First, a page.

NYC Rescue Saves Endangered Dogs from South Korea, Gets Awkwafina's Help
Since being founded in 2017, Korean K9 Rescue has rescued more than 1,200 dogs each year.
The inimitable Awkwafina adopted a new furry friend—a sweet shelter dog who came from a very special place.
"Everyone, meet Haeng-Un Lum, new to America and the newest member of my family," the 32-year-old Nora From Queens and Raya and the Last Dragon star said in an Instagram post celebrating the 2-year-old pup. Awkwafina then goes on to explain how she met Haeng-Un Lum through a nonprofit based in her home borough of Queens, called Korean K9 Rescue (KK9R).
Founded in 2017 by Gina Boehler, Korean K9 Rescue's mission is rescuing dogs from Boehler's native South Korea and bringing them to NYC for fostering and adoption, where the former strays have a better chance of finding a forever home. So far, KK9R has rescued and adopted out more than 1,200 dogs each year.
KK9R has established a network of volunteers in Korea who negotiate directly with farmers and shelter owners, securing the dogs and taking them to KK9R facilities where they can be quarantined and examined.
Boehler tells Daily Paws that the dogs enter their rescue facility in Bundang, Korea for a minimum of 30 days before flying to the U.S. for adoption. "Depending on the dog's needs, they could end up staying much longer if they have health issues or need extended rehabilitation training with our trainers."
Staff members assess each dog to see whether they need more time to decompress or tutoring on training skills such as how to walk with a leash. If they require medical attention or need time to recover away from other animals, the KK9R facility allows for that, too.
"They're given structure, routine, and a consistent schedule that allows them to feel safe and acclimate to the humans handling them," Boehler says. She adds that KK9R's South Korea rescue location is state-of-the-art—maybe even the most modern one in the country. "All of our dogs live indoors in a modern, climate-controlled facility with nutritious, high-quality food."
The work doesn't stop once the dogs arrive stateside. Everyone from KK9R—volunteers, prospective foster parents, and adoption applicants—is given training and support in caring for dogs who've been rescued from traumatic and stressful environments. In fact, the KK9R team in New York attends at least two seminars or workshops each year with trainers who specialize in rehabilitating fearful and feral dogs, Boehler says.
Adopting any dog can be a period of adjustment, even more so for first-time adopters. However, these pups have been through a lot in their short lives, and they need an especially steady, supportive hand.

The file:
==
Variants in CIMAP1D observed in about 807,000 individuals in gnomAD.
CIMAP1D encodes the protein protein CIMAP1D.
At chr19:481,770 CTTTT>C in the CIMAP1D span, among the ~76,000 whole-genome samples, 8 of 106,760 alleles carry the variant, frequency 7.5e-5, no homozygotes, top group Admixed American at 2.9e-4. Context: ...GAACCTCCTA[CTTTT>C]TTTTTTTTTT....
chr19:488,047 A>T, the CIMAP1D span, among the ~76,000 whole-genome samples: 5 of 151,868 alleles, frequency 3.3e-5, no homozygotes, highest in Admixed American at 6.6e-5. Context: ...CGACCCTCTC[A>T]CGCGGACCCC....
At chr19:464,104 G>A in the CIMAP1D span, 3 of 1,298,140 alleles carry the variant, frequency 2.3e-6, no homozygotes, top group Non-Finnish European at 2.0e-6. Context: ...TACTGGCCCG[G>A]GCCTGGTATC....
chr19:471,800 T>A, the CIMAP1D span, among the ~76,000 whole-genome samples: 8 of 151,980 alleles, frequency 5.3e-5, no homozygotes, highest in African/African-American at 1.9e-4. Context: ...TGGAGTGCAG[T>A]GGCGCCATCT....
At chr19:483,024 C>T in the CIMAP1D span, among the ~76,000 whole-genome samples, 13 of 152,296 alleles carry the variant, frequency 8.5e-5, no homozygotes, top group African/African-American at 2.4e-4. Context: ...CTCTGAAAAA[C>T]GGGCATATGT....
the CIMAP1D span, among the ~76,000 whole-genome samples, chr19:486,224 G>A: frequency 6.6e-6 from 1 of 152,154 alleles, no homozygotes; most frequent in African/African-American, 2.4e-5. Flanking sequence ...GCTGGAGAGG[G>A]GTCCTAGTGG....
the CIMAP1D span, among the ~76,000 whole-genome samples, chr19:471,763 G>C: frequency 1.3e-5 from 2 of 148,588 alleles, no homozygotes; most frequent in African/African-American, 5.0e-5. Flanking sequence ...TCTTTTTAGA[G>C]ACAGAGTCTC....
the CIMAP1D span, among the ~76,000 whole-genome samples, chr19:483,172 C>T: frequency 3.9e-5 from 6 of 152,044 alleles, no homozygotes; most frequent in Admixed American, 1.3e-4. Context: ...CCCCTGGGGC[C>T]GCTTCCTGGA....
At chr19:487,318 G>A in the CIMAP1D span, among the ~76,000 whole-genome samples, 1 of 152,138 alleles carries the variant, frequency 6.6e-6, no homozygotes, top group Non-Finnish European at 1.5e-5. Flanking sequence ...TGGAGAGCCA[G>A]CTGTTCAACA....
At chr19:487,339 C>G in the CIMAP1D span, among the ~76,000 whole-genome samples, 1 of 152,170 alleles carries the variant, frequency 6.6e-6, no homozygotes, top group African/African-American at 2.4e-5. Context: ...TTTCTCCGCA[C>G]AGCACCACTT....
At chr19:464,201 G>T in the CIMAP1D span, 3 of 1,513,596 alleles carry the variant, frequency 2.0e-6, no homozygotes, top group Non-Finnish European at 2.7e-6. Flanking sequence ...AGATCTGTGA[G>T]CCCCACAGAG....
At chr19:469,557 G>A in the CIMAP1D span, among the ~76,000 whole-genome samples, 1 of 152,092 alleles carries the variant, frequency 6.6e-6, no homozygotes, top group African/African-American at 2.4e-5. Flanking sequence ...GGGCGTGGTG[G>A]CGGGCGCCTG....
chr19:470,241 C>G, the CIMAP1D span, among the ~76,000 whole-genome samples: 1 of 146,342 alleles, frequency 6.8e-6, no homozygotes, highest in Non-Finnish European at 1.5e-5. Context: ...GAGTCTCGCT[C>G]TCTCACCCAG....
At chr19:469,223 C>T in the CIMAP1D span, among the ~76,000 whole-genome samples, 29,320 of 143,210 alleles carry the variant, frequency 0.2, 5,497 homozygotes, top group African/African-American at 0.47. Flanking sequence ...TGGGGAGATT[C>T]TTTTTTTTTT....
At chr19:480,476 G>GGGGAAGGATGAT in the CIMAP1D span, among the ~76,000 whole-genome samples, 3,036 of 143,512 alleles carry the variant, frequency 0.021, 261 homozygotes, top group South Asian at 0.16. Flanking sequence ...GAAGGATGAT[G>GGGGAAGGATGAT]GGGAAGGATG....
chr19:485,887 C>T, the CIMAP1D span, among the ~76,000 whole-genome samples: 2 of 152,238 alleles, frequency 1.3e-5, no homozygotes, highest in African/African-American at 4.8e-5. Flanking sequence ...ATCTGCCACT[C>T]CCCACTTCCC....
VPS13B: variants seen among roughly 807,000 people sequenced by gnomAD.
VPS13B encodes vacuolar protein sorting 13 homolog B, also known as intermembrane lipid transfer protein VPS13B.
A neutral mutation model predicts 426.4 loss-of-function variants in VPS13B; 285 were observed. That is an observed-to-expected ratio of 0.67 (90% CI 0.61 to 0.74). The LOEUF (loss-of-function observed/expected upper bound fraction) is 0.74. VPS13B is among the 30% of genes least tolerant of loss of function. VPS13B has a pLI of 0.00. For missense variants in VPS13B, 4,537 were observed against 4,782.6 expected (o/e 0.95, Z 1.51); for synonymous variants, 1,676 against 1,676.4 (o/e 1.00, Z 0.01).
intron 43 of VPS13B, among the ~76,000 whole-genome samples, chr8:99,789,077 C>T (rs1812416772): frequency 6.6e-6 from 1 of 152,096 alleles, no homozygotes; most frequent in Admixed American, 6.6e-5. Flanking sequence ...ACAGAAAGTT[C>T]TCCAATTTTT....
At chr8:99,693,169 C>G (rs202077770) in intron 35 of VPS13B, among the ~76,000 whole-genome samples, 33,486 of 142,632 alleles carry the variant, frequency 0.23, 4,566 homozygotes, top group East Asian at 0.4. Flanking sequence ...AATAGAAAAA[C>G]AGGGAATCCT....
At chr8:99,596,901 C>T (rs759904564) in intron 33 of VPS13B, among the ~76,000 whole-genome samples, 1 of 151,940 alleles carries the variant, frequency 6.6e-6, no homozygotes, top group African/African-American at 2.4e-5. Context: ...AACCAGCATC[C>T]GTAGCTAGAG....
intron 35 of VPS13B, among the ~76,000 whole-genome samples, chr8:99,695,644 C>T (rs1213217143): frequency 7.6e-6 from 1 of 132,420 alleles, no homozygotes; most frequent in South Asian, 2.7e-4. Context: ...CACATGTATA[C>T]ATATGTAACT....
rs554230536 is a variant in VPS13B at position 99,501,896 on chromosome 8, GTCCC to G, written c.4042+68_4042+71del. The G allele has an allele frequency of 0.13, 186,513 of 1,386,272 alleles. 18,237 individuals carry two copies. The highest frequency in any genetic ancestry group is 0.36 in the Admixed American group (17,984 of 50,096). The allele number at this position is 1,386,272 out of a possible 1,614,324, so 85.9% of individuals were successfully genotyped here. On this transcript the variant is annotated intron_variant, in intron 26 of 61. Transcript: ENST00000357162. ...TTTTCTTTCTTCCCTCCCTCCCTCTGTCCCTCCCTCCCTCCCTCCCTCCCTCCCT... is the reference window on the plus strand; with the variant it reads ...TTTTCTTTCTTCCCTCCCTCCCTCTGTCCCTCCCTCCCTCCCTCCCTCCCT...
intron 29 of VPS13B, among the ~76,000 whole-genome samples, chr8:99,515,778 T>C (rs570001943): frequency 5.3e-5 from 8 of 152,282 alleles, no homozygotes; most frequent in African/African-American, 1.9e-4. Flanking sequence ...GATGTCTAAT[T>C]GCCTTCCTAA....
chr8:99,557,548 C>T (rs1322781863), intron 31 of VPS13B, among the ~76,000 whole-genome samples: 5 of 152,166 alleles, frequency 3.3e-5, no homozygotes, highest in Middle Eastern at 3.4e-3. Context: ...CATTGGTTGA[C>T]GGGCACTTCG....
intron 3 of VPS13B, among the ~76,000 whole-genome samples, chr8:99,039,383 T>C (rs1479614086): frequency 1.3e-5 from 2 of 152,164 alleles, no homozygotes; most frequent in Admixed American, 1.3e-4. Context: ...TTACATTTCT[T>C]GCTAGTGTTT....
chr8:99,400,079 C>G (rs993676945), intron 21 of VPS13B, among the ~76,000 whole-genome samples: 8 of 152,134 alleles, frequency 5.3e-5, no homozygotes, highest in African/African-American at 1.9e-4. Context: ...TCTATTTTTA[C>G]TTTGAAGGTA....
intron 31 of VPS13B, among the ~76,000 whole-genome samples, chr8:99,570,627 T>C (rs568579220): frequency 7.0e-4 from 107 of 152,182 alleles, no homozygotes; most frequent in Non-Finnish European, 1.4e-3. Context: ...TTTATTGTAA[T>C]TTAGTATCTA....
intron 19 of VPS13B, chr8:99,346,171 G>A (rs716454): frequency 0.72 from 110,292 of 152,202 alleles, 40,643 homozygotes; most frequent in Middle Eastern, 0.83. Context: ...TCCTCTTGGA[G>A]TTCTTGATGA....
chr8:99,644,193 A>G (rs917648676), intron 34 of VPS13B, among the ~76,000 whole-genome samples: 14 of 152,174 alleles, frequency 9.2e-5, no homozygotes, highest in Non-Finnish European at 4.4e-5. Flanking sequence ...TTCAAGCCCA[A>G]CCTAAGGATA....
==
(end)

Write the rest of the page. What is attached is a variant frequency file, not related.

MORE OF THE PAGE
"Most of our dogs have never lived indoors with humans before, let alone in a busy city like NYC. Some are feral and have had little socialization with others early on in life, much less a positive association to humans," Boehler says. "... Training in the early days of placement into a new home has been key to setting up our dogs for success and keeping them in forever homes. We are so proud of our adopters and trainers for putting in the hard work!"
Originally, KK9R fostered and adopted dogs exclusively in the New York metro. In February of this year, they expanded their adoption radius to include Westchester and Dutchess counties in New York, as well as parts of Connecticut, Pennsylvania, and Maryland, plus Washington D.C. KK9R hopes to continue to expand in the future, but because these puppers require such special attention, Boehler wants to make sure the program grows in the right way.
"[KK9R believes] in foster-based adoptions," she says. "We want to build a foster network in some cities first before expanding. We plan to keep growing our rescue responsibly and educate and spread awareness about our mission."
For her part, Awkwafina is happy to help spread awareness of KK9R's message through her own participation, and Haeng-Un Lum already seems supremely happy with a new human companion as well as a new furry buddy at home to hang with—Awkwafina's beloved cat, Gus.
"She is such a genuinely compassionate person," Boehler says of the actor and comedian. "Her choosing to adopt her Korean dog in NYC did make a powerful impact, especially on her supporters who already knew she is a huge supporter of the charity and nonprofit groups."
It's a groundswell of attention that Boehler hopes can help further KK9R's mission and bring even more of these very special dogs to the US and to new, happy lives.
"Hopefully, we can reach and inspire people to adopt a dog no matter where they are from and continue to spread the message of all mistreated animals in need of a forever home."